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A monthly publication of the National Space Science Data Center/World Data Center for Satellite Information
No. 688
01 March 2011

SPACEWARN Activities

All information in this publication was received between 01 February 2011 and 28 February 2011.

A. List of New International Designations and Launch Dates (UTC).

International ID
Catalog Number
Spacecraft Name Launch Date (UT)
2011-009A 37372 Cosmos 2471 (Glonass-K) 26 February 2011
2011-008A 37371 STS 133 24 February 2011
2011-007A 37368 ATV 2 16 February 2011
2011-006A 37364 USA 225 06 February 2011
2011-005A 37362 Geo-IK 2 01 February 2011

B. Text of Launch Announcements.

Glonass-K, also known as Cosmos 2471, was launched from Plesetsk on 26 February 2011 at 03:07 UT by a Soyuz 2 rocket. The satellite weighed 935 kg at launch. It is the first Glonass-K satellite of the Russian fleet of the Glonass navigational system. This next generation satellite is smaller than earlier platforms, will transmit more navigation signals, and has a longer design life. It has five navigation channels, four in special L1 and L2 bands and one for civilian applications in the L3 band. The design life is ten years. The Glonass constellation currently includes twenty-two operational satellites and four in maintenance. The fleet requires twenty-four operational satellites to achieve global navigation service.
STS 133 was launched from Kennedy Space Center on 24 February 2011 at 16:53 UT. Shuttle Discovery docked with the International Space Station's (ISS) Harmony module on 26 February 2011 at 19:14 UT. The mission is the 39th and final flight of Discovery and the 133rd flight of the Space Shuttle program. STS 133 carried six astronauts. The primary goals of the shuttle mission are to deliver critical spare parts, supplies and a U.S. storage module to the International Space Station. Two key components carried in this mission were the Permanent Multipurpose Module (PMM), which is to be left permanently docked to one of the station's ports as a storage and research module, and the Express Logistics Carrier 4 (ELC4) which will provide spare parts and storage capacity to the orbiting complex. It also delivered Robonaut 2, which will become the first humanoid robot in space. Robonaut 2 will help NASA understand robotic capabilities for future deep space missions. The STS 133 mission includes several experiments that will be performed on the space shuttle Discovery and on the station during and after the shuttle mission. Discovery is scheduled to land at Kennedy Space Center 09 March 2011 at 16:57 UT.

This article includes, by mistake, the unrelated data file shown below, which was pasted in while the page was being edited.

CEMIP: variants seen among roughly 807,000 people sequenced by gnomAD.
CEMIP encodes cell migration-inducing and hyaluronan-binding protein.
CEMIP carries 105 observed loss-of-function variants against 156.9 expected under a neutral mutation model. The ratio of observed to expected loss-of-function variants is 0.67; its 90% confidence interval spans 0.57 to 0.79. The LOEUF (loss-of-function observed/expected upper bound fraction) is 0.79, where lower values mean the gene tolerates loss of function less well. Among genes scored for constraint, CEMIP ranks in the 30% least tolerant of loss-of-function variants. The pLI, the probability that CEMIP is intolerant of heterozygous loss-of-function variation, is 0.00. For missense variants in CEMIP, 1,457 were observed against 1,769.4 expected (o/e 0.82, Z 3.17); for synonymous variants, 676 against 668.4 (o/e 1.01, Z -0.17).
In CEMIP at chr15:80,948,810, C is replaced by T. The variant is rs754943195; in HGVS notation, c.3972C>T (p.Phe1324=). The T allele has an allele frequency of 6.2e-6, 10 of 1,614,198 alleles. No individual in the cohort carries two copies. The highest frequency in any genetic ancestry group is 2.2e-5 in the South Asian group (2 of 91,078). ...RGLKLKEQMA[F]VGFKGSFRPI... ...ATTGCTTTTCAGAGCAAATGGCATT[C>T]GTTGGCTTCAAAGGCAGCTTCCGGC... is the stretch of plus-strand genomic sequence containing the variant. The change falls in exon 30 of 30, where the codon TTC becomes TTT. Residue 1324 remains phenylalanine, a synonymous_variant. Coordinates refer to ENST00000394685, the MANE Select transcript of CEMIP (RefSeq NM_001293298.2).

ATV 2 (Automated Transfer Vehicle 2) was launched from Kourou on 16 February 2011 at 21:51 UT by an Ariane 5 rocket. The craft docked with the International Space Station's (ISS) Zvezda service module on 24 February at 15:59 UT. The European robotic resupply ship weighed approximately 20 tonnes making it the heaviest Ariane payload to date. It carried 1,600 kg of equipment and other dry supplies, 998 kg of rocket propellant for the station's thrusters and 100 kg of oxygen for the station's crew. There is also 4,853 kg of propellant stored aboard the ATV 2 craft itself to help boost the space station's orbit from time to time. ATV 2, named after the famous German astronomer and mathematician Johannes Kepler, is the second flight of Europe's ATV system. The ATV will be the biggest space station resupply craft after the shuttle's retirement, placing it in a crucial role to keep the ISS laboratory operating. ATV 2 is scheduled to remain docked to the ISS for 96 days, however, the 96 day docked mission is classed as under review and will be evaluated as the mission progresses, and extended if necessary.
USA 225 was launched from Vandenburg Air force Base on 06 February 2011 at 12:26 UT by a Minotaur rocket. USA 225 is a National Reconnaissance Office (NRO) classified technology development satellite. The satellite is also called Rapid Pathfinder Program (RPP).